- Use red bell peppers without adding heat for a more vibrant color in your curry pastes.
- Add bay leaves for extra flavor—no need to toast the leaves. Only break them up into rough pieces.
- Toast your peanuts and dried chilis before use to add extra flavors and aroma!
- Use veggie mites instead of shrimp paste to make your vegan Panang curry paste.
- Freeze the leftover paste in small portions. Use ice cube trays and once frozen, remove and store in a glass jar or Ziploc bags for easy thawing and measurement when wanting to make a delicious Panang curry.
I like making my paste best when making curries. A good Panang curry paste greatly affects how your curries turn out.
I also know making your Thai curry pastes seem intimidating. Below is a list of store-bought curry pastes I've used and recommended. When in doubt, look for brands that are products of Thailand. (Affiliate links for these curry pastes)
- Mae Ploy massaman curry paste. Mae Ploy paste is heavy on the salty side. Mae Ploy is my 1st choice of store-bought Panang curry pastes.
- Aroy-D brand. It tends to be on the saltier side.
- Maesri brand. The Maesri brand tends to be on the sweeter and sour side.
Helpful kitchen tools for making Panag curry paste
- A solid stone mortar and pestle with at least a 6-inch opening.
- Food processor
- Spice grinder
- Kitchen scissor
- Small glass jars for storing any leftovers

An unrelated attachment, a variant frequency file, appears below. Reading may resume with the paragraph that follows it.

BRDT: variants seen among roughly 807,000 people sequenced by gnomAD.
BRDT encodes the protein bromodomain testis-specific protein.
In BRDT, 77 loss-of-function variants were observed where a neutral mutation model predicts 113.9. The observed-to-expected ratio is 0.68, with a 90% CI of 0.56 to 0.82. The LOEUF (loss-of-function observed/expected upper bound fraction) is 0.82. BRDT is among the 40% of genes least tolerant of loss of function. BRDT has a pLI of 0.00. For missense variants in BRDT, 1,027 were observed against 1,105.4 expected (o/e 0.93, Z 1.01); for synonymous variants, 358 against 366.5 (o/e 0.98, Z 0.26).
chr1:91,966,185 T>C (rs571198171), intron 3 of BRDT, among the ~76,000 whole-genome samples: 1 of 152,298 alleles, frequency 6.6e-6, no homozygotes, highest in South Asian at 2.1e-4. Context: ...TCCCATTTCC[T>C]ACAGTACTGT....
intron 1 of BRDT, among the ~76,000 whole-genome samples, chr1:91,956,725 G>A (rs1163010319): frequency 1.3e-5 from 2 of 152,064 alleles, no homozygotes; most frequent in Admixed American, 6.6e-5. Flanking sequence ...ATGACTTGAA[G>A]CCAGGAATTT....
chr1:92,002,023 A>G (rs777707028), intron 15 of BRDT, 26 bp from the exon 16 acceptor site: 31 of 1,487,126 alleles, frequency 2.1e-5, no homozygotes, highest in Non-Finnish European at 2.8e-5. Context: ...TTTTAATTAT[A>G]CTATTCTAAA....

- Food labeling
Frequently Asked Questions
The panang paste is different from other Thai curries with the added crushed peanuts in the paste. The peanuts add a nutty, creamy, lightly sweet flavor that sets Panang curry paste apart.
No. Panang curry paste is not the same as red curry. Though some spices and herbs are similar in curry pastes, there are a few differences. The biggest difference is using peanuts in the Penang curry and curry paste, while red curry doesn't contain peanuts.
Panang curry is the mildest curry of the red and green curry recipes. Panang curry is typically made with minimal ingredients with no vegetables added, while red and green curries can add vegetables to individual food preferences. Green curry pastes are made with green chilies, while Panang and Red curry pastes are made with dried red chilis.
Yes, Panan curry paste does very well in the freezer. Keep the curry paste in an airtight container in the freezer for up to 6 months.
More Thai recipes to try
- Authentic Thai yellow curry paste
- Authentic Thai green curry paste
- Authentic homemade Thai Red curry paste
- Prik Khing curry paste
- Choo Chee curry pastes
- Thai basil fried rice
- Authentic Massaman curry paste
- Massaman chicken with sweet potatoes
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These are my favorite drinks and cocktails to serve with my Thai food.